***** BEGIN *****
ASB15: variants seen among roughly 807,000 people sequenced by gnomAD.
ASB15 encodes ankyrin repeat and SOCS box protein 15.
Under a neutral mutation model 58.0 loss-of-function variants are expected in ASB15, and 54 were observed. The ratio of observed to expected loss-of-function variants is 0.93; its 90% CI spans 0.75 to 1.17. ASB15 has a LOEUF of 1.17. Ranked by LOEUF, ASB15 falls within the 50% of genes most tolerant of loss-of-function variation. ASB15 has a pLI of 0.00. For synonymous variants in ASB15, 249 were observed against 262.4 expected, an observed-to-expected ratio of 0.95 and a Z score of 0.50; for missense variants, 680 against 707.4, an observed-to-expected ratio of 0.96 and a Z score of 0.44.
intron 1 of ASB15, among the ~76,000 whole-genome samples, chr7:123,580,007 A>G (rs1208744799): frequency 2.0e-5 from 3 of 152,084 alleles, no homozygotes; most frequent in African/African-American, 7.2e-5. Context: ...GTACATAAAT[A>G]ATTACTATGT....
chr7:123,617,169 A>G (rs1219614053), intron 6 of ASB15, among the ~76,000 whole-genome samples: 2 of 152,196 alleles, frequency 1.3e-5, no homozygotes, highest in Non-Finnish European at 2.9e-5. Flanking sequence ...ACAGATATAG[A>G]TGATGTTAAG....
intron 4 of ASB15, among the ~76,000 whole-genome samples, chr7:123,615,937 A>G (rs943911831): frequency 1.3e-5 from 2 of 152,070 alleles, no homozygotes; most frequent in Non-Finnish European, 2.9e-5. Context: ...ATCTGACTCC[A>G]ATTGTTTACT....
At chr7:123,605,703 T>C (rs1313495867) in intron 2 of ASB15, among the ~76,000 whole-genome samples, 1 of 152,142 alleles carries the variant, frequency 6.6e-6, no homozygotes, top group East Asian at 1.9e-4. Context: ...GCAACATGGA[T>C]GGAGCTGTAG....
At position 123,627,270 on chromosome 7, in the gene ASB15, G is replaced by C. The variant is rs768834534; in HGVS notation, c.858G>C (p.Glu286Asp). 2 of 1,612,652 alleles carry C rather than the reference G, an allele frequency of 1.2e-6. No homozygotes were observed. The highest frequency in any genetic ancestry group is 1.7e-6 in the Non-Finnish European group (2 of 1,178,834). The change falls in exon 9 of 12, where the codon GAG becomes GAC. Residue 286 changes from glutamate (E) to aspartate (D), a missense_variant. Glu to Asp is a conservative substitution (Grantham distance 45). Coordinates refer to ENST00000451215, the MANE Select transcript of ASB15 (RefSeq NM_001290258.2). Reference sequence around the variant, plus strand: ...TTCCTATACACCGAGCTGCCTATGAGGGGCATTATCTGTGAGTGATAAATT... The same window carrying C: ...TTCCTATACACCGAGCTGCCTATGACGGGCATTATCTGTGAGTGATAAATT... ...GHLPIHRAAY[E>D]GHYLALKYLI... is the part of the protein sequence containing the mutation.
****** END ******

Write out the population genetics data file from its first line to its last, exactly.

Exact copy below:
ASB15: variants seen among roughly 807,000 people sequenced by gnomAD.
ASB15 encodes ankyrin repeat and SOCS box protein 15.
Under a neutral mutation model 58.0 loss-of-function variants are expected in ASB15, and 54 were observed. The ratio of observed to expected loss-of-function variants is 0.93; its 90% CI spans 0.75 to 1.17. ASB15 has a LOEUF of 1.17. Ranked by LOEUF, ASB15 falls within the 50% of genes most tolerant of loss-of-function variation. ASB15 has a pLI of 0.00. For synonymous variants in ASB15, 249 were observed against 262.4 expected, an observed-to-expected ratio of 0.95 and a Z score of 0.50; for missense variants, 680 against 707.4, an observed-to-expected ratio of 0.96 and a Z score of 0.44.
intron 1 of ASB15, among the ~76,000 whole-genome samples, chr7:123,580,007 A>G (rs1208744799): frequency 2.0e-5 from 3 of 152,084 alleles, no homozygotes; most frequent in African/African-American, 7.2e-5. Context: ...GTACATAAAT[A>G]ATTACTATGT....
chr7:123,617,169 A>G (rs1219614053), intron 6 of ASB15, among the ~76,000 whole-genome samples: 2 of 152,196 alleles, frequency 1.3e-5, no homozygotes, highest in Non-Finnish European at 2.9e-5. Flanking sequence ...ACAGATATAG[A>G]TGATGTTAAG....
intron 4 of ASB15, among the ~76,000 whole-genome samples, chr7:123,615,937 A>G (rs943911831): frequency 1.3e-5 from 2 of 152,070 alleles, no homozygotes; most frequent in Non-Finnish European, 2.9e-5. Context: ...ATCTGACTCC[A>G]ATTGTTTACT....
At chr7:123,605,703 T>C (rs1313495867) in intron 2 of ASB15, among the ~76,000 whole-genome samples, 1 of 152,142 alleles carries the variant, frequency 6.6e-6, no homozygotes, top group East Asian at 1.9e-4. Context: ...GCAACATGGA[T>C]GGAGCTGTAG....
At position 123,627,270 on chromosome 7, in the gene ASB15, G is replaced by C. The variant is rs768834534; in HGVS notation, c.858G>C (p.Glu286Asp). 2 of 1,612,652 alleles carry C rather than the reference G, an allele frequency of 1.2e-6. No homozygotes were observed. The highest frequency in any genetic ancestry group is 1.7e-6 in the Non-Finnish European group (2 of 1,178,834). The change falls in exon 9 of 12, where the codon GAG becomes GAC. Residue 286 changes from glutamate (E) to aspartate (D), a missense_variant. Glu to Asp is a conservative substitution (Grantham distance 45). Coordinates refer to ENST00000451215, the MANE Select transcript of ASB15 (RefSeq NM_001290258.2). Reference sequence around the variant, plus strand: ...TTCCTATACACCGAGCTGCCTATGAGGGGCATTATCTGTGAGTGATAAATT... The same window carrying C: ...TTCCTATACACCGAGCTGCCTATGACGGGCATTATCTGTGAGTGATAAATT... ...GHLPIHRAAY[E>D]GHYLALKYLI... is the part of the protein sequence containing the mutation.